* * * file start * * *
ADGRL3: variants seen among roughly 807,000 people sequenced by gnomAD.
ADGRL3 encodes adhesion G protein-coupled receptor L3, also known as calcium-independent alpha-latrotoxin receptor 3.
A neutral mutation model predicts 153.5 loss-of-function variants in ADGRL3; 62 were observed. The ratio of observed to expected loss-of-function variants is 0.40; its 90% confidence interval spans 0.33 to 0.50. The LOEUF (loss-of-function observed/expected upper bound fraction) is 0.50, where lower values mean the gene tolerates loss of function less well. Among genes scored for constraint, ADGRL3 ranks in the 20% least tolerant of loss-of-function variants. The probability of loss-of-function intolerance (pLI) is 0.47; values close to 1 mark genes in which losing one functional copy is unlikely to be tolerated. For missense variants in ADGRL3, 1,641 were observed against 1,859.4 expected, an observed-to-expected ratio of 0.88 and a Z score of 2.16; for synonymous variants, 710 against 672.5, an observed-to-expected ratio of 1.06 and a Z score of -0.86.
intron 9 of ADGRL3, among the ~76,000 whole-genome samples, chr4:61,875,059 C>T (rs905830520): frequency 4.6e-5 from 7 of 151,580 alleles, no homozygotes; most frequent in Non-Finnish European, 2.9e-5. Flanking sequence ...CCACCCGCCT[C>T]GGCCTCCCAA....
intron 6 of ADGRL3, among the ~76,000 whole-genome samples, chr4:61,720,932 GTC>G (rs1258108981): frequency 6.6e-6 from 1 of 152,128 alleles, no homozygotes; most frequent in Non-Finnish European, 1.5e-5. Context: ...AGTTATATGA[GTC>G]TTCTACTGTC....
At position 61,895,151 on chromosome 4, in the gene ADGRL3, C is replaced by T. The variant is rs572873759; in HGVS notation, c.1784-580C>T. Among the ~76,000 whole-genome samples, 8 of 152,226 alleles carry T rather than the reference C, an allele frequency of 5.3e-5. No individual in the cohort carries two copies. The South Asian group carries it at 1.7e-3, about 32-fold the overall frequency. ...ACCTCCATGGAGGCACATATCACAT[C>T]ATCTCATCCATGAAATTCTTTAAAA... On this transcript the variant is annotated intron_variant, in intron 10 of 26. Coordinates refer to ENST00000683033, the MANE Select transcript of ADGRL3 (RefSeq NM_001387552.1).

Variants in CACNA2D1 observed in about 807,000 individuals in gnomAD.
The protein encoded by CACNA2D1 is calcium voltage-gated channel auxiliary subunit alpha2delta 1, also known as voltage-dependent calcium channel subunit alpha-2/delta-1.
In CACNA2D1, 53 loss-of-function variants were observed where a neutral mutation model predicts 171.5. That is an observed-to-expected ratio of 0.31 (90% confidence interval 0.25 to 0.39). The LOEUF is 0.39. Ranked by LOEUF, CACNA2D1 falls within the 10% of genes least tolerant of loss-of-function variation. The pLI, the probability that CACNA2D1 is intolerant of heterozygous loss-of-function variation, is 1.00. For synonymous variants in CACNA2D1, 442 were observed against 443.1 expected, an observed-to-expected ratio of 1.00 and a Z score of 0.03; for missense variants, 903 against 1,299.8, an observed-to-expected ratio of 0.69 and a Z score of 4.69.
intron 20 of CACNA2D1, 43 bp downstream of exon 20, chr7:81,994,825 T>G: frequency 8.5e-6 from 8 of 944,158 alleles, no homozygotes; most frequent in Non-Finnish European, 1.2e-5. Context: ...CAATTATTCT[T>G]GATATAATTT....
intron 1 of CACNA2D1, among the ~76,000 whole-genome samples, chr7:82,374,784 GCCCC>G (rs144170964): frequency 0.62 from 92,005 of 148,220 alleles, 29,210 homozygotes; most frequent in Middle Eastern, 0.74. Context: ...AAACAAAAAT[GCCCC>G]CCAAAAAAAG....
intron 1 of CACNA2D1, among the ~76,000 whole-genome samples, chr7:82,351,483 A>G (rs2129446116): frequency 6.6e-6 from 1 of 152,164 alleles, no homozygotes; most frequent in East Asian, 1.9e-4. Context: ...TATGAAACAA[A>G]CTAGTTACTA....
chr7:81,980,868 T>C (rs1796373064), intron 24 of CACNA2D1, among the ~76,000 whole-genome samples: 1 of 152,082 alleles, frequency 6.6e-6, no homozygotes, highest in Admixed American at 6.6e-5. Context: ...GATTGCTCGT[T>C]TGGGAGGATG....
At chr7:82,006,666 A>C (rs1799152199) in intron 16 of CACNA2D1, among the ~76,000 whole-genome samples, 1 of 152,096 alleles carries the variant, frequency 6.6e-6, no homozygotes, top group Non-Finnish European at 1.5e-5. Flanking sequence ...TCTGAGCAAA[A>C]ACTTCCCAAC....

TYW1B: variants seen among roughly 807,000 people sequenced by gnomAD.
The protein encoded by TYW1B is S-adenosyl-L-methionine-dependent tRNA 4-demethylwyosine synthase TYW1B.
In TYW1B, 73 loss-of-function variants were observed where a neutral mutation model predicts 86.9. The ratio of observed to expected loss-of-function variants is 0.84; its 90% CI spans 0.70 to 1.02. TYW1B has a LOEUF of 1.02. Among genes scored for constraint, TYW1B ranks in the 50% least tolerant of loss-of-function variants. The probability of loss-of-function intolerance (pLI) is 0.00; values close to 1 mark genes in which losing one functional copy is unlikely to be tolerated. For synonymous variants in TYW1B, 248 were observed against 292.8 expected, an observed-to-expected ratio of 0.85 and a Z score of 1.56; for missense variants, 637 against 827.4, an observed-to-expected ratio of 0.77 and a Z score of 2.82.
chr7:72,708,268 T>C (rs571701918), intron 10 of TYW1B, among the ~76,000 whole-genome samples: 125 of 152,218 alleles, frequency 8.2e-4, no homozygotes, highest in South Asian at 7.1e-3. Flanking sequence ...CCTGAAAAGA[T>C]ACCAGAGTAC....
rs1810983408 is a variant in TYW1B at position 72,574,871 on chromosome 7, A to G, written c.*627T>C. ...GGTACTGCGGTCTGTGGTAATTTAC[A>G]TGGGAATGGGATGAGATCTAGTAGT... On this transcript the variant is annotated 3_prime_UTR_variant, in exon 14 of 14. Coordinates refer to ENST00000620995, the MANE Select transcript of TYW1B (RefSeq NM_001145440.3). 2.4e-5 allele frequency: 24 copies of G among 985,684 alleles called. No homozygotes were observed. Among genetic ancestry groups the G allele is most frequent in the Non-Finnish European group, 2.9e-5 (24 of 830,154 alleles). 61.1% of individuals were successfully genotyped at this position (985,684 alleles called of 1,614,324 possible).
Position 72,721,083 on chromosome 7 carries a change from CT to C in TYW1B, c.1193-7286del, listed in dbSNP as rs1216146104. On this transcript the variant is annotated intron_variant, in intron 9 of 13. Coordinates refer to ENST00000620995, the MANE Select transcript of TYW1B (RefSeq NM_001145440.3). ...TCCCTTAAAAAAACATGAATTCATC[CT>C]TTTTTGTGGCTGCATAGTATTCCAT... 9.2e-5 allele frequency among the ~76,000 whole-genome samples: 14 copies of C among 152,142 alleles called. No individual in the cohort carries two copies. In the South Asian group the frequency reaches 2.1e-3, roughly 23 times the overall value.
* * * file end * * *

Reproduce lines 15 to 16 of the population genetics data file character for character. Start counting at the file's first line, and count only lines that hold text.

TYW1B: variants seen among roughly 807,000 people sequenced by gnomAD.
The protein encoded by TYW1B is S-adenosyl-L-methionine-dependent tRNA 4-demethylwyosine synthase TYW1B.